# tone-space

[Joe Monzo]

A tone-space is a real-space in which the basis-vectors have a certain specific meaning, which is an exponent of some base. It is similar to an integral vector space, i.e., all coordinate values are integers. It is one of the file types supported by Tonalsoft™ Tonescape™ microtonal music composition software; this page will describe tone-spaces as implemented by Tonescape™, where the term is written as "Tonespace".

The origin of the tone-space represents the frequency-multiplier 1, which represents some reference pitch (for example, the standard international reference pitch A-440). The number of dimensions in the tone-space corresponds to the number of axes which are used to define the space, and each axis of the space represents a generator of the tuning. The bases (axes) are typically numbers from the prime series -- in unaltered form, these produce just intonation or other rational intonations; if the pitch values are altered slightly from the true prime numbers, they produce a temperament. A subspace of tone-space is prime-space.

Tonescape employs methods derived from Fokker's music theory, in which certain pairs of notes called "unison-vectors" are considered to be equivalent, each unison-vector closing off one dimension of the space. In a 2-dimensional space, for example, two unison-vectors will form a parallelogram which encloses a subset of pitches from the tone-space, and the pitches encompossed within all tilings of that parallelogram are considered to be equal to the pitches within it. This both provides a method for selection of a closed set of just intonation pitches, and suggests a cardinality for an equal temperament.

A detailed exploration of creating a Tonescape tone-space can be found in our Tonescape Tutorial: How to use "File | New | Tonespace".

When creating a Tonespace in Tonescape, the first step is to choose the generators which form the axes of the Lattice diagram. In this example, we will create a Tonespace using prime numbers as our generators, and prime-factor 2 will be our identity interval and will not be shown on the Lattice; thus, prime-factors 3 and 5 will form the axes of our 2-dimensional space:

The theoretically infinite lattice is assumed for a tonespace, and thus Tonescape does not put any Lattice Points into the diagram until at least one unison-vector is selected. For purposes of illustration, here we have created an Euler-genus described as 3-3...4 * 5-3...3; Tonescape allows many different kinds of notation on the Lattice -- the first illustration shows it with Prime-Ratio notation, which expresses directly the exponents in the Euler-genus:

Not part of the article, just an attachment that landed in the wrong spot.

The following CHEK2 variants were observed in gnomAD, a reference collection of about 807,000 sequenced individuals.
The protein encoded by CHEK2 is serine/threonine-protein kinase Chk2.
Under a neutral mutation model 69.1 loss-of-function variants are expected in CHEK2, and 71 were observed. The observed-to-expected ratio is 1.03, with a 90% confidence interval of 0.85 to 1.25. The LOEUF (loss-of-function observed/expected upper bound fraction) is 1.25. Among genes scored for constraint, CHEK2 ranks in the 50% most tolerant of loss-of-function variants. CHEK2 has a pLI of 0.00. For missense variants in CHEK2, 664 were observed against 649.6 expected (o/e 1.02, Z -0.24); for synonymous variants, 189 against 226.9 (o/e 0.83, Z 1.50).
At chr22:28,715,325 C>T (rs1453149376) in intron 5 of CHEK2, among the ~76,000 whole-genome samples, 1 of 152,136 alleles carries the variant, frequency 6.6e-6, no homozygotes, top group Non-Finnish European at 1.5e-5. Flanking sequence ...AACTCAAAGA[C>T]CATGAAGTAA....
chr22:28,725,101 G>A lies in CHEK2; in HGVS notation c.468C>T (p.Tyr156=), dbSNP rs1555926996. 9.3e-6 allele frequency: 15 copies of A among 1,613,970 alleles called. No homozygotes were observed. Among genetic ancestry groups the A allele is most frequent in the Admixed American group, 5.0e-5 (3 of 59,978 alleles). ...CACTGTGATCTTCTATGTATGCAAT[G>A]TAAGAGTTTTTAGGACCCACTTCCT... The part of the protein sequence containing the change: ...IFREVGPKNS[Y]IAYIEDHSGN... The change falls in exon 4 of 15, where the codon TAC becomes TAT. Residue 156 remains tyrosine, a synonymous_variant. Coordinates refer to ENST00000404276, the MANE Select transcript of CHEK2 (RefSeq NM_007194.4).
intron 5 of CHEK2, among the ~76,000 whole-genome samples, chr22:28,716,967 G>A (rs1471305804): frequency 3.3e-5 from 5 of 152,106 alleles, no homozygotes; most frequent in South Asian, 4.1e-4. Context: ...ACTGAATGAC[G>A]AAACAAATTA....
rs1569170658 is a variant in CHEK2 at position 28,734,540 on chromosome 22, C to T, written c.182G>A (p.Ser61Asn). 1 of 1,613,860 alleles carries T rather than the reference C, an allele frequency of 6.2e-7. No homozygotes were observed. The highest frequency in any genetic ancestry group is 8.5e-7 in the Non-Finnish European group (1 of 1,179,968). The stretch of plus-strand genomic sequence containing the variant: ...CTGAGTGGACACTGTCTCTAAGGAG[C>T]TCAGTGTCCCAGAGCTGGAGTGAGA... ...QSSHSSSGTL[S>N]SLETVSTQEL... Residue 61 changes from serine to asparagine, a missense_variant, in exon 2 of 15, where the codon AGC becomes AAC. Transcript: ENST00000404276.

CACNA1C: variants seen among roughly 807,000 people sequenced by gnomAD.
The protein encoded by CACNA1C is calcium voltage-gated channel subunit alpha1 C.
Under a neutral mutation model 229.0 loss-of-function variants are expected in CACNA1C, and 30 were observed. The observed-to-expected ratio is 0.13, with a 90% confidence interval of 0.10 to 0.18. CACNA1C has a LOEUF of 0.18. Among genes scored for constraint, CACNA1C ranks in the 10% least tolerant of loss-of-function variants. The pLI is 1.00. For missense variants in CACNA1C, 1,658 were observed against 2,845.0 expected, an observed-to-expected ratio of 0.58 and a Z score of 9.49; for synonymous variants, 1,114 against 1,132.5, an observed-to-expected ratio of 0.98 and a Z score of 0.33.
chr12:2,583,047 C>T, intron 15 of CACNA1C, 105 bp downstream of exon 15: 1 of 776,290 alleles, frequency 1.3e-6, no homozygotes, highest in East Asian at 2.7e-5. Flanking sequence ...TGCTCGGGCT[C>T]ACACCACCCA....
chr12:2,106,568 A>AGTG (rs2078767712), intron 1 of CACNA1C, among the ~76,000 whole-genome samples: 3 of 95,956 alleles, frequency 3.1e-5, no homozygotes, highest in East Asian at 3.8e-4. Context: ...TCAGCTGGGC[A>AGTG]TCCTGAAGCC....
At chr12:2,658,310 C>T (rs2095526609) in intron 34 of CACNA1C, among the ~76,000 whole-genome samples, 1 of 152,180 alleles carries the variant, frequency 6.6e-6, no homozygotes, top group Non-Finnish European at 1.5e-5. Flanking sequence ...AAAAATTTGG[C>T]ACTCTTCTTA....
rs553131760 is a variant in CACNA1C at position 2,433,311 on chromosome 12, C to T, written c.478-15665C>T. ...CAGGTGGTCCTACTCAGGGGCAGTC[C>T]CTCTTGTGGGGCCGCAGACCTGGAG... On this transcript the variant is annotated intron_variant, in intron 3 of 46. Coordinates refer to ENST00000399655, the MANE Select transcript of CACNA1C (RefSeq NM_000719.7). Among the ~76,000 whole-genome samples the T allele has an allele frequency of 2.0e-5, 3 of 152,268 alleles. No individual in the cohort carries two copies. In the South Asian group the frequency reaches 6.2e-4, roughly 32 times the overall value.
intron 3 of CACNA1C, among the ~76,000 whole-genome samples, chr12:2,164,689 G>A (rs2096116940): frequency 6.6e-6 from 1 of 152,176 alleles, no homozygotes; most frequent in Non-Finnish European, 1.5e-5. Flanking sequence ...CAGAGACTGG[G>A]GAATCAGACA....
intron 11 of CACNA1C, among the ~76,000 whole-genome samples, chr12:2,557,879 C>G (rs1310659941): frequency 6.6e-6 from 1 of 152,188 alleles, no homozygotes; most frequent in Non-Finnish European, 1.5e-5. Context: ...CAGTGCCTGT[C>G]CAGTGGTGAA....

The next illustration shows the same Euler-genus, using regular Ratio notation:

The next illustration shows the same Euler-genus, using Logarithmic Cents notation:

And finally, the next illustration shows the same Euler-genus, using standard pythagorean/meantone letter-name notation with sharps and flats:

Next, we will select a unison-vector, so that Tonescape will form a band of pitches, and filter out all notes which are a unison-vector (or a multiple of the unison-vector) away from the notes within the band. Here, we have selected the syntonic-comma with ratio 81/80 and 2,3,5-monzo |-4 4, -1 > as our unison-vector -- this creates the open-ended tuning known as 1/4-comma meantone (or with slight adjustments, any open-ended member of the meantone family); because the vector of the syntonic-comma appears as mainly left-to-right on the Lattice, the band of pitches is theoretically open-ended at the top and bottom, but is closed off on the left and right sides:

When Tonescape's Lattice geometry is set to "closed curved", the Lattice is twisted so that the left and right sides of the band of pitches meet, and form a 4-strand helix:

Because our space is 2-dimensional, if we select 2 unison-vectors, we will close off both dimensions and create a closed tuning. For our example, we will create a Tonespace which is appropriate for 12-edo. Tonescape tells us that the TM-reduced Basis unison-vectors for 12-edo are the syntonic-comma, and the diesis with ratio 128/125 and 2,3,5-monzo |7 0, -3 > :

When Tonescape's Lattice geometry is set to "closed curved" for this tuning, the Lattice is twisted twice, into a torus:

The periodicity bands and blocks thus created by Tonescape may be used in just intonation, or may be further edited so that they create temperaments.

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